UFC 282 takes place Saturday night in Las Vegas and we’ve got our predictions for all the fights below.
UFC 282: Błachowicz vs. Ankalaev Main Card
Jan Blachowicz vs. Magomed Ankalaev
An injury to Jiri Prochazka has led to his rematch with Glover Teixeira being scrapped from the main event of this card, leaving Blachowicz and Ankalaev to now rise up from the co-main event spot to battle for the now vacant light-heavyweight title in the evening’s headliner.
For the nearly 40-year-old Blachowicz it’s a chance to win back the belt he lost to Teixeira by submission last year, after which he picked up a TKO victory over Aleksander Rakic, while Ankalaev has more than earned his opportunity with nine UFC victories in a row.
This is really quite an evenly balanced fight, particularly on the feet. Blachowicz is a patient striker who is selective with his offense, but makes the most of it when he does land, throwing with good power and a particularly effective jab, while he can also mix in some solid kicks to the legs and body too, as well as being compact defensively.
Much the same can be said of the 30-year-old Ankalaev, who operates very effectively on the outside, though he’ll be at a 3″ reach disadvantage here. He’ll fight at a measured pace and mixes his combinations of punches and kicks well, while being effective on the counter and not taking too much damage in return.
Blachowicz has good takedown defense and is fairly comfortable on the mat with his submission ability, but I would say that Ankalaev is the more accomplished of the two there thanks to his strong wrestling game.
So the action is likely to be closely contested on the feet, but I do favor the younger man Ankalaev slightly here as he’s very assured and calculated with how he operates from distance, and together with his wrestling advantage I think that gives him just enough openings to eek out a decision win to become the new champion.
Paddy Pimblett vs. Jared Gordon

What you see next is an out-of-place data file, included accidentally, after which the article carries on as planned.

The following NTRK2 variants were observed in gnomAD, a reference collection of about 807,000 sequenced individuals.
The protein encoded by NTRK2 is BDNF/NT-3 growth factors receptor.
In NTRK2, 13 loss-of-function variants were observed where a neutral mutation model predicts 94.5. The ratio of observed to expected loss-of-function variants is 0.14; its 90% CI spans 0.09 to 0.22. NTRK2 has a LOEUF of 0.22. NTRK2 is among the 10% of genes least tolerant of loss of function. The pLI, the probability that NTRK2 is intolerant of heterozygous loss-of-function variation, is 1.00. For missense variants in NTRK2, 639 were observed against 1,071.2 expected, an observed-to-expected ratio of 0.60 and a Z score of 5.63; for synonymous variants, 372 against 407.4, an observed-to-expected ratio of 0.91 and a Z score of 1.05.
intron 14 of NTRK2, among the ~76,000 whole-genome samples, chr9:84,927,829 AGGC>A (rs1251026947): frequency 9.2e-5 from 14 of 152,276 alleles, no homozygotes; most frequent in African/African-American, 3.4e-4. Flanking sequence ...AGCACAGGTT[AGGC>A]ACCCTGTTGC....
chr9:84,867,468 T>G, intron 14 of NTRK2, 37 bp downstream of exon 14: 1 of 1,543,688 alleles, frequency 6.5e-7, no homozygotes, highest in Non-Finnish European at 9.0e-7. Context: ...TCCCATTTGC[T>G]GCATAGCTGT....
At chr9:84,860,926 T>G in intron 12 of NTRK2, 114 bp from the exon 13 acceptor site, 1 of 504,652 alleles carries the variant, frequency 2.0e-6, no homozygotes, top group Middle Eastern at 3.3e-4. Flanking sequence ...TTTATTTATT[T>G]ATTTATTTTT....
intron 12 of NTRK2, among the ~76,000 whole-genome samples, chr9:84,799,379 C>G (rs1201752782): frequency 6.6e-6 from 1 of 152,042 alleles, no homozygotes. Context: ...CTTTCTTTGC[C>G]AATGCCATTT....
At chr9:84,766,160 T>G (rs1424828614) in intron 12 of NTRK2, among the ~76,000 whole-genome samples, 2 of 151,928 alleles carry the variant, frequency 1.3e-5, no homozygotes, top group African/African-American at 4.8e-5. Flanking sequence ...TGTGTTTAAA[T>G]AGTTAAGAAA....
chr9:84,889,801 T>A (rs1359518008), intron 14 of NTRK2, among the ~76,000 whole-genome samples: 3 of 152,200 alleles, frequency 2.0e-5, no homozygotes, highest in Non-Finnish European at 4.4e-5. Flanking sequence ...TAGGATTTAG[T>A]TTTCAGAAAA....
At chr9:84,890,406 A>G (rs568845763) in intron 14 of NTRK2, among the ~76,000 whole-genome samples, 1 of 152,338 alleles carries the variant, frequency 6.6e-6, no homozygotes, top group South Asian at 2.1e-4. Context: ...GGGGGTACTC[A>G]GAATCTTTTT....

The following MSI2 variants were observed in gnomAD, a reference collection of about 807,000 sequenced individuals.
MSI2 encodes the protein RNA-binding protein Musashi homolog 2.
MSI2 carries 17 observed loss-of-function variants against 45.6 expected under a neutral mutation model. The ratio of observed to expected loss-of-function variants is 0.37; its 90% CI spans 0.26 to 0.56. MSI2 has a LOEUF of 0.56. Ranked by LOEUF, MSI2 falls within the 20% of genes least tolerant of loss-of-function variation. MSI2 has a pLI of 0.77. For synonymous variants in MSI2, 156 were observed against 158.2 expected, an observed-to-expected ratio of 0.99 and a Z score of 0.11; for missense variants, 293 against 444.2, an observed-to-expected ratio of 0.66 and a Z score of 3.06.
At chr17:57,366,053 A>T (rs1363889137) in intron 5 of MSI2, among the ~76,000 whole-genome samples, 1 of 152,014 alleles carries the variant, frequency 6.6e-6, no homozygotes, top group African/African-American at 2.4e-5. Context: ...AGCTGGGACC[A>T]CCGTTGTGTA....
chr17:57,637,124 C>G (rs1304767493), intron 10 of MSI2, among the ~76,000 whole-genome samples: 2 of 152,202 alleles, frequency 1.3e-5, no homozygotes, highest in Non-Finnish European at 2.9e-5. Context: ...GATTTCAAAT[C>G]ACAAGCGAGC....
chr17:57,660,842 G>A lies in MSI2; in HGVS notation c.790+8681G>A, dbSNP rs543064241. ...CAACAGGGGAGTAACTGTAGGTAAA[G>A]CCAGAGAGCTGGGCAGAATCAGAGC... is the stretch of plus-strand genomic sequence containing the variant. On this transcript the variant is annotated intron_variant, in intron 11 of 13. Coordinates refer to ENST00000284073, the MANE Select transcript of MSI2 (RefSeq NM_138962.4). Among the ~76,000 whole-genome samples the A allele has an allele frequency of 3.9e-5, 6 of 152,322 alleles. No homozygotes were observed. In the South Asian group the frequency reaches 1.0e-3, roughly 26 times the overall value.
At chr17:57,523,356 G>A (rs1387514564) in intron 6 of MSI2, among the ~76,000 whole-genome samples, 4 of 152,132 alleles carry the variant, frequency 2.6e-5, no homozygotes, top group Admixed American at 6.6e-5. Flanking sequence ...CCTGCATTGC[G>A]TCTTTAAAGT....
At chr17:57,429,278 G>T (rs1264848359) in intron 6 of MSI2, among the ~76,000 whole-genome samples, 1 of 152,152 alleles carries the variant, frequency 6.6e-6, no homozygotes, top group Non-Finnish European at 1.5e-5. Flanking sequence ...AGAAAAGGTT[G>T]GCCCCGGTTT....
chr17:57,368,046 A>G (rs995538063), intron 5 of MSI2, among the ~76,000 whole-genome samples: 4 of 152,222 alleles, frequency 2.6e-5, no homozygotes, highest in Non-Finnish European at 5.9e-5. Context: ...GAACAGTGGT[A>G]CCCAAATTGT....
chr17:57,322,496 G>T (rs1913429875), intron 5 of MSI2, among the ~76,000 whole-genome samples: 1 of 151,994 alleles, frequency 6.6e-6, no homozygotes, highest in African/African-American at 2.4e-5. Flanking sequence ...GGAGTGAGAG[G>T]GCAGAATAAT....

After three wins in a row since joining the UFC, Pimblett’s rising star power and the collapse of the original main event has seen his fight against Jared Gordon unexpectedly bumped up to co-main event status.
Despite his fast rise to prominence in the promotion, picking up a TKO win, two submission victories and three ‘Performance Of The Night’ bonuses along the way, it’s not been all plain sailing for Pimblett so far. In fact, several times during his UFC wins the 27-year-old has found himself being rocked on the feet, while outside of the Octagon his tendency to balloon up in weight to as much as 200lbs has led to criticism and question marks about whether he can continue to live up to the hype as time goes on and his competition level increases.
Pimblett’s strongest suit is undoubtedly his grappling, being a real menace on the mat with his skilled scrambling and instinctive knack for locking in fight-ending submissions. On the feet he’s less accomplished though, and so while he’s certainly got power in his hands and is more than willing to trade blows, he negates his defensive responsibilities and as such is extremely hittable.
Meanwhile, the 34-year-old Gordon has won four of his last five fights in the promotion, but while he is a fairly well-rounded, well-conditioned lightweight, like Pimblett he is not without his flaws. He’s not proven to be much of a finishing threat in the UFC and will be at a significant 5″ reach disadvantage here, and he was also KO’d twice and TKO’d once earlier in his UFC run between 2018-2019, in addition to also being submitted by Grant Dawson earlier this year.
As such it feels like a favorable match-up for Pimblett, though not one he can take lightly. On the feet he should be durable enough to take some of Gordon’s shots and deliver his own heavier blows if required, but as with many of his fights I think the quicker he can get the fight to the mat and do what he does best the better, leading him to a second round submission victory.
Santiago Ponzinibbio vs. Alex Morono
Coming off two split-decision losses in a row, Ponzinibbio was originally scheduled to fight Robbie Lawler, but he withdrew at the start of fight week and so now Morono steps in on short notice, having won his last four fights.
The fact this is being contested at 180lbs suggests Morono isn’t fully in fight shape, so it’ll be interesting to see how he fares as this fight goes on as it should be a relatively fast-paced striking battle between these two.